After a drive on a long and winding road through the mountains, a stunning view of the Myrtos beach opened to us and I had to take the photo.
Imagine different shades of blue and turquoise against white cliffs and pebbles. The sea was a bit too cold for me but sunbathing under the loving Greek sun was great!
What is really great about this beach is that it’s quite long and very intimate, although I read it can get really busy during summer months. There were no loud cafés, no beach hagglers/vendors and plenty of space to have your own private spot. There is also a beautiful cave at one end of the beach that is worth seeing.
Such a beautiful and blissful corner of the island…
After some sunbathing and relaxing by the sea, we continued our journey to Assos, a cute small village on the west coast. Assos looks like a miniature Italian Positano or Cinque Terre with colorful houses sitting on the hill overlooking the harbor.
It’s such a romantic spot and has everything you need to relax – a small beach and several cozy tavernas and shops…
…and even a castle on the top of the hill should you be interested in seeing it.
We found a cute taverna overlooking the harbor and with the views on the castle. Since seafood is really good in Greece, I wanted to try some local sardines, while my hubby opted for seafood risotto.
This was another perfect spot in Assos to have some drinks and watch the sun go down.
Day 2: Melissani Lake, Agia Efimia and Antisamos
For day 2 I would suggest heading to the east coast and see several famous spots at once. I heard of Melissani Lake from my Greek friends even before I came to Kefalonia, so that was a definite must see. For 7 euros a small boat like this one will take you to explore the lake and if you are lucky, hear opera singing and jokes of the captain.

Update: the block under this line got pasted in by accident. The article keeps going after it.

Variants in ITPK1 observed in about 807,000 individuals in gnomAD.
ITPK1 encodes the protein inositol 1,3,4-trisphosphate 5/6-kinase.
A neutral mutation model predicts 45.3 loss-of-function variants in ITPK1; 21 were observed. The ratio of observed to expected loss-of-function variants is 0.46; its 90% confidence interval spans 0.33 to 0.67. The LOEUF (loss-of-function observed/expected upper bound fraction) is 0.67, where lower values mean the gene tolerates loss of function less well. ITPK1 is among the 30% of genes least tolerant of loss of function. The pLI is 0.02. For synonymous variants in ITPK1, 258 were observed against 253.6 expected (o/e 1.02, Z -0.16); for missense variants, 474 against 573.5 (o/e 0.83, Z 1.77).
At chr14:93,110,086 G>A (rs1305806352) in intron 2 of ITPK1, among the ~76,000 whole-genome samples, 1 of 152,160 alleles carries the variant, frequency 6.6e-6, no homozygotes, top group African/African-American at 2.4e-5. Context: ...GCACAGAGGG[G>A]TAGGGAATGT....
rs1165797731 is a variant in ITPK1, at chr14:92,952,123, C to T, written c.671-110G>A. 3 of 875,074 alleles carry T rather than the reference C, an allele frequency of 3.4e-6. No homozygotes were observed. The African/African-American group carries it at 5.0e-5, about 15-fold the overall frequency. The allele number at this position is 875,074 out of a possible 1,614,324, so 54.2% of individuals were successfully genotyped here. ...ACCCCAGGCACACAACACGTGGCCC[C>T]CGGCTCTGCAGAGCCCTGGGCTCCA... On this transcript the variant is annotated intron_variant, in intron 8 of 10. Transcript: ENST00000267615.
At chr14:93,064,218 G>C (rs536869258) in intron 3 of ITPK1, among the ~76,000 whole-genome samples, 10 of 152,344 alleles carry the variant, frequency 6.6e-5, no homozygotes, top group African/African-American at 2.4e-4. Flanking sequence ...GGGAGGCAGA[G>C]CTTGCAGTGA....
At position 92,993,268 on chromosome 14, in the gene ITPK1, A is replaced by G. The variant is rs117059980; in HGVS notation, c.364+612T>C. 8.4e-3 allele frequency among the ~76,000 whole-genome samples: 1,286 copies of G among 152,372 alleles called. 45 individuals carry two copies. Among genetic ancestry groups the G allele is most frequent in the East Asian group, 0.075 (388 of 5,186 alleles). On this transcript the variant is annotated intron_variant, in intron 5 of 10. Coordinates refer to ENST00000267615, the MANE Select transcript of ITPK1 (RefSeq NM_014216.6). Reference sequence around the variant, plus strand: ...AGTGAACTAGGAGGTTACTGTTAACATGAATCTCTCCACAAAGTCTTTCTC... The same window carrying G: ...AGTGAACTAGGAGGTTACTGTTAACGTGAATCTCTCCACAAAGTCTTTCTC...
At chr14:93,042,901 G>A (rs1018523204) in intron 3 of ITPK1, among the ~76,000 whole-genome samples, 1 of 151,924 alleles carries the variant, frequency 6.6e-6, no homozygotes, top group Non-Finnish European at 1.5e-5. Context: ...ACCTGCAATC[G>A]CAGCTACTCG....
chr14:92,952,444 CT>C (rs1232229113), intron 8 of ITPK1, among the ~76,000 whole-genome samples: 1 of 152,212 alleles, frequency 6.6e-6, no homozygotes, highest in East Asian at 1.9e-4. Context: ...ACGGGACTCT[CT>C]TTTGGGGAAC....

The lake inside the Melissani cave has two chambers. The roof in the first one collapsed letting the light reveal the beauty of lake’s crystal blue waters. I suggest getting there around noon when the sun is high up with direct light over the lake.
According to the myth, the lake is named after a nymph Melisanthi who either drowned here by accident or committed a suicide suffering from unrequited love.
In the second chamber you can see super long stalactites and stalagmites revealing a thousand years of history.
After the stop at the Lake, we headed to Agia Efimia – a picturesque port nearby. I have to say the drive to Agia Efimia along the coast was probably one of the most pleasant experiences of my vacation. Blue skies, sea and lots of forestry on both sides of the road.
Agia Efimia is a small village with a harbor where you can see lots of boats and vessels from different countries moored. It has lovely tavernas and cafés perfect for a lazy afternoon.
We stopped in one of the tavernas as I was on the mission – to try a meat pie, a local dish specific to Kefalonia.
It’s a mix of rice and meat cooked under the pastry crust and served with chips so much-loved by the tourists!
After a filling lunch, I wanted to sample local gelato (for research only!). It was really good and helped me to cool off before we headed to the next destination.
Finally, I saw these cutest traditional felt slippers which would be perfect for cold winter months back in London. Only 10 euros, what a bargain!
The last stop for the day was Antisamos beach. Remember I mentioned Captain Corelli’s Mandolin in the beginning of the blog? Well, this beach was one of the film locations just as was the Myrtos beach.
I have to say the beach itself was underwhelming although the surroundings were beautiful. Plus, the pebbles and stones were quite large making it hard to walk or lay down for sunbathing unless you rent one of the sun lounges.
But I still enjoyed the scenery, soaking in the sun and imagining how much the film crew with Penelope Cruz, Nicolas Cage and Christian Bale enjoyed Kefalonia during the filming.
I hope you enjoyed Part I. Check out Part II for the rest of the trip adventures and practical tips to help with you plan an unforgettable vacation.